With little time to spare before the deadline, President Donald Trump signed two shutdown-averting spending bills into law and a 3.1% federal pay raise. He also signed the annual defense authorization bill, which includes a new paid parental leave program for most federal employees.
Only about 12,300 service members will receive cost of living adjustments in 2020.
White collar federal civil servants are on track to get a 3.1% pay raise next year — the largest in a decade for 1.2 million civil servants.
The Senate has sent two minibus spending bills to the president’s desk for his signature. President Donald Trump must sign both by Friday to avoid a second government shutdown in 2019.
Timing federal retirement right allows you to carry over the maximum amount of annual leave, and in 2020 be paid for most if not all of it at the new higher 3.1% pay raise.
The House has sent “minibus” spending bills, which include a 3.1% federal pay raise, to the Senate for its consideration. Congress must pass and the president must sign both bills into law by Friday to avoid a second government shutdown this year.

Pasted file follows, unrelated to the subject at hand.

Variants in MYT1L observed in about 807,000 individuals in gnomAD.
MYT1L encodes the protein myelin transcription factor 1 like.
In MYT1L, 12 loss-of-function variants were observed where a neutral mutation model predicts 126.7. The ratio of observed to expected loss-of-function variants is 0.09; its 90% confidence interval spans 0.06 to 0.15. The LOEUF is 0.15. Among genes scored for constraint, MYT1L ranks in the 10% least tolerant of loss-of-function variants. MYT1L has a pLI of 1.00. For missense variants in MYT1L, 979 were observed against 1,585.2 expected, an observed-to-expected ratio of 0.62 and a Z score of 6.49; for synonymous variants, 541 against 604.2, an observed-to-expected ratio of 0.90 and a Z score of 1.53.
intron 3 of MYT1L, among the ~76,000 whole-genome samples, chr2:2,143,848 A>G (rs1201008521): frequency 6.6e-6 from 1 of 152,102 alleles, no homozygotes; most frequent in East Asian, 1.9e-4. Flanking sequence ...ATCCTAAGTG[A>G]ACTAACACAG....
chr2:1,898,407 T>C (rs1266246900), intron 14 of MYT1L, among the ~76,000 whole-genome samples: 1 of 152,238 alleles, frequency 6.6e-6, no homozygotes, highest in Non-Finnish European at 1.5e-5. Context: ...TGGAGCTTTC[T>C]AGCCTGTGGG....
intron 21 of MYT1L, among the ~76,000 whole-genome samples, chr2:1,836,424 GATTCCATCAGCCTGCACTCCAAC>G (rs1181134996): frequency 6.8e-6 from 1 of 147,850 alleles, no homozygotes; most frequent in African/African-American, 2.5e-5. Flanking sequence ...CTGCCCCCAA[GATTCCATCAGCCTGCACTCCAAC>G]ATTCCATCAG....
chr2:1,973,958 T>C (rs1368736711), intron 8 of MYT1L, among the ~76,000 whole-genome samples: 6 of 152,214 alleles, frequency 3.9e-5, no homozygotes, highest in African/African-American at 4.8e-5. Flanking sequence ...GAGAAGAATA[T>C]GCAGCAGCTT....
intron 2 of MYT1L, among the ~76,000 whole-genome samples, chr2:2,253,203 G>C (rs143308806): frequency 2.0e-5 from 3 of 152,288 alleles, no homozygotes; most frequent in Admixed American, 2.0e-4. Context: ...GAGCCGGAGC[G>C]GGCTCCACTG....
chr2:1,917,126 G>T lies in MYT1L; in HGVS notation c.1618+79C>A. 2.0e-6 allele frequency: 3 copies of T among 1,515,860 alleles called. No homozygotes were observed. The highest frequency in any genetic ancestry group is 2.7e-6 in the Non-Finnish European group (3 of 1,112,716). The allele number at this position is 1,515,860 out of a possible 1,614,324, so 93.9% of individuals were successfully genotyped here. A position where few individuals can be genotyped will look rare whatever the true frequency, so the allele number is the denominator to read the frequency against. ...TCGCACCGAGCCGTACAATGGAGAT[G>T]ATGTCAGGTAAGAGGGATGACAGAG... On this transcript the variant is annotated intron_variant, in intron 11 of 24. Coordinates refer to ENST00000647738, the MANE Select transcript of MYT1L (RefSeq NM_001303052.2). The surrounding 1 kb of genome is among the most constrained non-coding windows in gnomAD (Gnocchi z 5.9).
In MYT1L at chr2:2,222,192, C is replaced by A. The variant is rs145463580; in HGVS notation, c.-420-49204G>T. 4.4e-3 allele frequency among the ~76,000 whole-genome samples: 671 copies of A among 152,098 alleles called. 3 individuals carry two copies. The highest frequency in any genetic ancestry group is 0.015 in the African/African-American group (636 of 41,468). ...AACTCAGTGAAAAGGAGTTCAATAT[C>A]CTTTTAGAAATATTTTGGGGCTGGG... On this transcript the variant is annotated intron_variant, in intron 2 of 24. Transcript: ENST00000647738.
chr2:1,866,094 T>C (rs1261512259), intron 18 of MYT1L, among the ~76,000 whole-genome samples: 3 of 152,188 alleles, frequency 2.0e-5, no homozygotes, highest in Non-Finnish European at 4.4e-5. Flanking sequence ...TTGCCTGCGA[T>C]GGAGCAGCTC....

In today’s Federal Newscast, USPS’ Ethics Office wants to remind its employees about the restrictions applied to receiving gifts from customers and vendors.
A 3.1% federal pay raise is a key feature of one of two “minibus” spending bills, which congressional appropriators unveiled Monday evening. Both the House and Senate are expected to quickly vote on both this week before Friday’s funding deadline.
If there’s a government shutdown next year, in late 2020, will air traffic controllers on paid parental leave actually get paid?
Changes in the 2020 Basic Allowance for Housing rates vary widely across the U.S., with some locales seeing increases of nearly 30% and others falling by more than 10%.
A year ago this week some long-service, long-suffering federal government workers were prepping for the slim possibility of a government shutdown over Christmas.
The final agreement maintains the NDAA’s decades-long reputation of must-pass legislation, but punts thorny border issues to the still-unsettled appropriations process.
For the second year in a row more than a million feds aren’t sure if they’ll be forced to come to work or be locked with or without pay over the holidays.
In today’s Federal Newscast, a group of Maryland and Virginia Democrats are worried about plans to only give federal defense workers paid family leave.